Norrie Johnston, Managing Director of Executives Online, explores whether in the bid to find candidates who ‘fit’, companies are making themselves unhealthy.
HR Managers have to perform a difficult balancing act between employing people who will fit into their company culture but who will also bring fresh and innovative ideas. Yet it seems many do not have the balance right and, despite the current talk of diversity and the drive to attract more women and people with a greater mix of backgrounds and experience, many UK companies are playing it safe when it comes to recruiting senior managers.
In Executive Talent 2006, a new in depth analysis of the trends and issues driving the UK executive recruitment market*, finding people with the right cultural fit is shown to dominate the recruitment process. Half of the board directors and senior HR professionals questioned said it was the main issue driving their recruitment decisions.
While it is understandable that companies will want to recruit someone they can work with, this box-filling, play-safe approach – where the priority is finding a ‘face that fits’ – means many organisations are not exploring the full breadth of senior management talent available to them and are suffering as a result.
For instance 60% worry that they can’t find people with the right experience, a third said the scarcity of good executive talent is an issue, while over a quarter can’t find the people managers they need.
Understandably, given the proportionately large influence that a new senior executive has on the composition and culture of the top cadre in a small company, the study shows that small companies are more likely to rate the importance of cultural fit (it was cited by 66% of them). However, even in large companies, where the effect on the corporate culture of one new person joining is much more diluted, cultural fit is still a huge issue with 39% of respondents mentioning it.
The focus on keeping the cultural status quo is reflected by the very slow pace of change in British boardrooms. For instance, although a study by Race for Opportunity found that major companies were spending an average of £33 per employee on race and diversity issues in 2004, further research just completed (November 2005) by the Cranfield School of Management highlighted that 25 of the FTSE 100 companies still have no women on the Board. Furthermore just 11 of those that do have female board members have them in executive positions.
A key reason for this cautious, culture driven recruitment policy could be the lack of innovation and general stagnation within the recruitment sector. For instance, 81% of the 102 organisations studied in Executive Talent 2006 said they have long-established recruitment agency/headhunter relationships, which haven’t changed for many years.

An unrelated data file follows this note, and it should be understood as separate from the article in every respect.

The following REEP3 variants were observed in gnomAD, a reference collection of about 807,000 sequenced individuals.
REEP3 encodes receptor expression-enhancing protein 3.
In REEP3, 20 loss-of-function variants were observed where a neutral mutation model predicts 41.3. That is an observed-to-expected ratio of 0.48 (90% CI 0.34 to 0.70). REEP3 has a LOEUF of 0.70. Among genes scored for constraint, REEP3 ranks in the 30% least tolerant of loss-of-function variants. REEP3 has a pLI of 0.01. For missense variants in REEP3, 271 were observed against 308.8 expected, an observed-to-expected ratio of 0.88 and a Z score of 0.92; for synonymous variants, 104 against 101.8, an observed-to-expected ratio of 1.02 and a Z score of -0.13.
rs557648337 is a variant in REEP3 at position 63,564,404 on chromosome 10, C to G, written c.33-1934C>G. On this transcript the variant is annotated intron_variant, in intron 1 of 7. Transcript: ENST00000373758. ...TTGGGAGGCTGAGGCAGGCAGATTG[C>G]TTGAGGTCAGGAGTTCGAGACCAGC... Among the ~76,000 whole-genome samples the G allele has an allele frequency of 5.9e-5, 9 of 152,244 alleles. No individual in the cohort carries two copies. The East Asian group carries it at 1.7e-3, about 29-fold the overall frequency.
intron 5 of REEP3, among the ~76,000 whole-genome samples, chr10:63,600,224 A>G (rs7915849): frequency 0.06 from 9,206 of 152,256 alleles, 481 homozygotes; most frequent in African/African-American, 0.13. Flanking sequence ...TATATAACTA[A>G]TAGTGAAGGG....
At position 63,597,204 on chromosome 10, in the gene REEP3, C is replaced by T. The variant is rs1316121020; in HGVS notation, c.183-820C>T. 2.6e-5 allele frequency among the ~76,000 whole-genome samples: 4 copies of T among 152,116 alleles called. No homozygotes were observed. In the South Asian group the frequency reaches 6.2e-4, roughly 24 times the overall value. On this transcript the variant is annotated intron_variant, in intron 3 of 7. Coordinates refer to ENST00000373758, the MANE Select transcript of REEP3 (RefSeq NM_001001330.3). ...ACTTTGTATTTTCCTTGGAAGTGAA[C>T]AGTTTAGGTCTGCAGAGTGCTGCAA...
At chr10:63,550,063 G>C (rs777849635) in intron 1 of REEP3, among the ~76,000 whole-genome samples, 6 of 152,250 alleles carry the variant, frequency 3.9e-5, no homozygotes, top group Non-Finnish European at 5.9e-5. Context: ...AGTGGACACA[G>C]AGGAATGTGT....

In the largest companies this rose to 85%. These relationships are typically managed by the HR function. Furthermore, success is often not measured; one in ten do not formally measure their recruitment function, and among those who do, few look at what matters. For instance just 27% measure success in terms of the quality of the candidate hired.
In such a situation, in time, the head-hunter will inevitably start supplying what they think the client will be comfortable with – approaching the same, usual suspects each time there’s a role to fill. The end result is what many refer to as ‘pale, male and stale’ recruits – safe decisions where the brief is all about meeting the needs of the corporate culture rather than actually addressing the corporate challenge.
So how do organisations get out of this vicious cycle? Well the cynics amongst you may be surprised to hear that I’m not necessarily recommending a ditching of long-established recruitment company relationships. Many of these will be of great value.
But what I do think is needed is a fresh, frank and full discussion about what the priorities are and what recruitment success should look and feel like.
Organisations need to be honest with themselves and with their recruitment partners about what their priorities really are. In today’s incredibly competitive environment, companies that once may have wanted a ‘face that fits’ and may have looked to their nearest competitor to find it, may be willing to sacrifice some of that comfort for a senior executive who will first and foremost deliver.
If this becomes the case the whole recruitment paradigm shifts.
If the priority is the ability to deliver rather than fit in, the job description needs to change too. The focus has to be on the real commercial challenge rather than just the commercial culture. Forget the four-page job description; instead specify key tasks and deliverables.
Measurement of recruitment success then becomes a different animal. Forget number of applications, or the ease with which the candidate fits in. The candidate’s delivery becomes a key measurable – and one that can only be assessed six months into the job.
So what will happen if companies don’t make this shift? Well I suggest we look to nature for the answer. Going to the same old senior director gene pool may feel like an easy decision, but such ‘in-breeding’ doesn’t make for a strong species in nature, and it doesn’t work in today’s increasingly global corporate world either.
*Executive Talent 2006 was commissioned by Executives Online. The independent study involved interviews with 102 HR managers and senior managers all of whom recruit senior personnel. They work for UK organisations across a range of industries and with turnover in excess of £25 million. To request a copy of Executive Talent 2006 or to find out more about Executives Online’s services contact T: 01962 829 705 or visit www.ExecutivesOnline.co.uk